You can remain living in your home (please read the full story HERE), providing you meet the requirements below:
- Your lender has a mortgage on the house and can sell it as ‘mortgagee in possession’ if you fail to make your payments.
- Those payments are treated as an ‘occupation fee’. You must keep maintaining the property, pending the sale of your bankrupt estate’s share in it.
- If you want to stay long-term, a trusted family member or friend will need to buy out the bankrupt estate’s interest.
- Before your trustee can talk to a third party about your property, he will check to see all the financial arrangements are legitimate and not designed to defeat your creditors.
- Once that has been confirmed, your creditors will be told that the trustee will be realising the interest of the bankrupt estate in the property. They are given time to object, but they must have a legitimate reason to do so.
- When all the above boxes have been ticked, your trustee can then negotiate with a third party about the purchase of the bankrupt estate’s interest in the property.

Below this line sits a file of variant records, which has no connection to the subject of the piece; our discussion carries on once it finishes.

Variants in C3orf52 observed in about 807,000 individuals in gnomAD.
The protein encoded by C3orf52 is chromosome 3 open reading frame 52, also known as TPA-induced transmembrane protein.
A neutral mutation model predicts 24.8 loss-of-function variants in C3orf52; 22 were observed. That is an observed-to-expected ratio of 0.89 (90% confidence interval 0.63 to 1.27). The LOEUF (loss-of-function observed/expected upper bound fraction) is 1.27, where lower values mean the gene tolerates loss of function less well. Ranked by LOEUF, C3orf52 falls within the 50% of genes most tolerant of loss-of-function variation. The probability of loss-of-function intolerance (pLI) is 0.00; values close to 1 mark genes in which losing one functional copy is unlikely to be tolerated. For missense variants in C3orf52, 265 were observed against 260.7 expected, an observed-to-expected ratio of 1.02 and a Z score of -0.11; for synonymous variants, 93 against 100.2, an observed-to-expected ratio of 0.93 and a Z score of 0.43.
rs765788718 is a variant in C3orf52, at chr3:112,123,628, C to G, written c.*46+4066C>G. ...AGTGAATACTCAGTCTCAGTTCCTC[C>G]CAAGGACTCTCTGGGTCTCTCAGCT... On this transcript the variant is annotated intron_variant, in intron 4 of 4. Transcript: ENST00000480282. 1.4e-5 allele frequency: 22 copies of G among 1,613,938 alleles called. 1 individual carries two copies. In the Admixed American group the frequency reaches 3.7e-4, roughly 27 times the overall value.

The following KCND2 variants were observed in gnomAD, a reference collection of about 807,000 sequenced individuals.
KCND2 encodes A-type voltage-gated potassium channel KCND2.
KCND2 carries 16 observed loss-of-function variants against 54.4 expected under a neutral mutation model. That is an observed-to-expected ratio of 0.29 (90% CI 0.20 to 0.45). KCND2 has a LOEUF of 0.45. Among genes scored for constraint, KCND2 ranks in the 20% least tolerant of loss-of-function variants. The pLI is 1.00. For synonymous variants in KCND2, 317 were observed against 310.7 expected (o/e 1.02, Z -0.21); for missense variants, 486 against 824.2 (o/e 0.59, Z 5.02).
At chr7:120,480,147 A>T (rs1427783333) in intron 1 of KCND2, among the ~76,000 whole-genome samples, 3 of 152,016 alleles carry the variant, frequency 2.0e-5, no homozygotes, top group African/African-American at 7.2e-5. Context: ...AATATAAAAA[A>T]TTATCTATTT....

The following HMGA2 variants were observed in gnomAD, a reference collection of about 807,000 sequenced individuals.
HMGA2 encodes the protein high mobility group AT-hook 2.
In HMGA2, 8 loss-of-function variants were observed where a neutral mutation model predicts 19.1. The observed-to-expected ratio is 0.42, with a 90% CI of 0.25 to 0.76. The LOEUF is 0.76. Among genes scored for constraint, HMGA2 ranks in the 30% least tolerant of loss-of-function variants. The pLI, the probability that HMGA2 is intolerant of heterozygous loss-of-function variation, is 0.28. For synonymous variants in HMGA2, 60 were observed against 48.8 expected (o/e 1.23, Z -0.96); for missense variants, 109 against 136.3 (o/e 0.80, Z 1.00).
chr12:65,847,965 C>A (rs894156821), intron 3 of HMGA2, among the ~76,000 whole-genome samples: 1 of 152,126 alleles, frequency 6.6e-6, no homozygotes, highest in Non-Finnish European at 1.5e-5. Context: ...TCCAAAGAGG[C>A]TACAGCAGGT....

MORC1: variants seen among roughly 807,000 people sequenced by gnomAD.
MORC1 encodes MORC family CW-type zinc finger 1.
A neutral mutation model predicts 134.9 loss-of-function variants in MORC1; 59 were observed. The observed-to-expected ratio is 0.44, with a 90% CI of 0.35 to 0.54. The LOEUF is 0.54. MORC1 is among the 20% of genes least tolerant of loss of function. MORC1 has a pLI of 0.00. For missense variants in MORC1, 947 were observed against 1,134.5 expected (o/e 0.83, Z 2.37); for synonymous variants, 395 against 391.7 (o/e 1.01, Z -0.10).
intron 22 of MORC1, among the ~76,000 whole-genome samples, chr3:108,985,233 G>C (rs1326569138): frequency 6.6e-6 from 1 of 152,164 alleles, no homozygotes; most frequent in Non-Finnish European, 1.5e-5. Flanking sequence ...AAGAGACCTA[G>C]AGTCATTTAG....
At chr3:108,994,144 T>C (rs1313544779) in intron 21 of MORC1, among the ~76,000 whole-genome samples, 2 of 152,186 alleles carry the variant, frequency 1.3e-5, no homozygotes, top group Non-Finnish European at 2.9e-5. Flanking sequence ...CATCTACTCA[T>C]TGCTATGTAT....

- Please note: the property’s value will be as at the time the agreement is made, not at the date of your bankruptcy. It will be verified by an independent registered valuer.
- The trustee will be open to realising the equity in the property or selling the property to the associated third party. In both cases, a written contract is needed.
- To realise the equity, the trustee will subtract the debt owing on the mortgage from the amount provided by the registered valuer, to determine the sale amount.
- To give certainty and clarity, your trustee will only enter into any dealings with a third party by written agreement. This enables everyone involved to talk freely to the trustee, safe in the knowledge that nothing is binding until a contract is in place and exchanged..
More detailed information on your options regarding your property can be found by calling our Help Desk on 1300 060 122 or emailing email@example.com